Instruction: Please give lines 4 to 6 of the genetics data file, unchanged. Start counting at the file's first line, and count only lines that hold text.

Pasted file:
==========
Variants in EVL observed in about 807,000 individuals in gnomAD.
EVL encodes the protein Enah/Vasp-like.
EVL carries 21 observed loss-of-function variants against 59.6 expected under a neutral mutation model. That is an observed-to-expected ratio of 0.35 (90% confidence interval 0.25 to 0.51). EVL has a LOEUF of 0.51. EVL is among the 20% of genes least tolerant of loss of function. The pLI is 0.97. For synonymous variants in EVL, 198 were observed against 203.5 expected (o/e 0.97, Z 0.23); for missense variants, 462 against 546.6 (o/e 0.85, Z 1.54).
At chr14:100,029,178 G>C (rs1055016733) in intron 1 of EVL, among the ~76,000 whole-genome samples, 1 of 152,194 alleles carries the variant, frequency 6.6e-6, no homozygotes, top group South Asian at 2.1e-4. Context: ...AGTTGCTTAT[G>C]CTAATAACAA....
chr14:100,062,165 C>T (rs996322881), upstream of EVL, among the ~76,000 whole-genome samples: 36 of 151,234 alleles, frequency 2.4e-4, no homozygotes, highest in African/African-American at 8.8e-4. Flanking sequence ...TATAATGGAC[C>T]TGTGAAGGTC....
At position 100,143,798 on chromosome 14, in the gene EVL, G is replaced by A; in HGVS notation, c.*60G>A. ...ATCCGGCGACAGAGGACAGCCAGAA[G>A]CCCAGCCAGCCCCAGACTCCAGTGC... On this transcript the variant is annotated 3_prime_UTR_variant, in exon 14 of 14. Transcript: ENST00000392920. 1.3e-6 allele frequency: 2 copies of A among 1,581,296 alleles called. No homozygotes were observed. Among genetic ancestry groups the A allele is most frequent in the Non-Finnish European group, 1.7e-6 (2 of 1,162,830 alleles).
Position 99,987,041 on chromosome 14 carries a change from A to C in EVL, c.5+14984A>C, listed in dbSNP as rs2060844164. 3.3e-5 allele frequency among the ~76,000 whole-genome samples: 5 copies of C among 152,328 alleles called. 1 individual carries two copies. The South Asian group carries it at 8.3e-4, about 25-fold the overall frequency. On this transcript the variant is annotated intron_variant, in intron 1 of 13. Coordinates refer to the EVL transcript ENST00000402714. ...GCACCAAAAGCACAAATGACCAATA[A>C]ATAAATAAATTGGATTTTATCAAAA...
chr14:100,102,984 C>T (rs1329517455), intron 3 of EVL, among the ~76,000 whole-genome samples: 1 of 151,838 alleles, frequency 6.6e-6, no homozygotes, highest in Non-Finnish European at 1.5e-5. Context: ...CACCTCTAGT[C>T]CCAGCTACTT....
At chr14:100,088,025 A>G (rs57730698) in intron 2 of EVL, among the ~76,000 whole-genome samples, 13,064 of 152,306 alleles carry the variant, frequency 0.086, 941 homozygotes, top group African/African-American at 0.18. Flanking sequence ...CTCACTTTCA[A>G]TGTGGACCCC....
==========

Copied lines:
At chr14:100,029,178 G>C (rs1055016733) in intron 1 of EVL, among the ~76,000 whole-genome samples, 1 of 152,194 alleles carries the variant, frequency 6.6e-6, no homozygotes, top group South Asian at 2.1e-4. Context: ...AGTTGCTTAT[G>C]CTAATAACAA....
chr14:100,062,165 C>T (rs996322881), upstream of EVL, among the ~76,000 whole-genome samples: 36 of 151,234 alleles, frequency 2.4e-4, no homozygotes, highest in African/African-American at 8.8e-4. Flanking sequence ...TATAATGGAC[C>T]TGTGAAGGTC....
At position 100,143,798 on chromosome 14, in the gene EVL, G is replaced by A; in HGVS notation, c.*60G>A. ...ATCCGGCGACAGAGGACAGCCAGAA[G>A]CCCAGCCAGCCCCAGACTCCAGTGC... On this transcript the variant is annotated 3_prime_UTR_variant, in exon 14 of 14. Transcript: ENST00000392920. 1.3e-6 allele frequency: 2 copies of A among 1,581,296 alleles called. No homozygotes were observed. Among genetic ancestry groups the A allele is most frequent in the Non-Finnish European group, 1.7e-6 (2 of 1,162,830 alleles).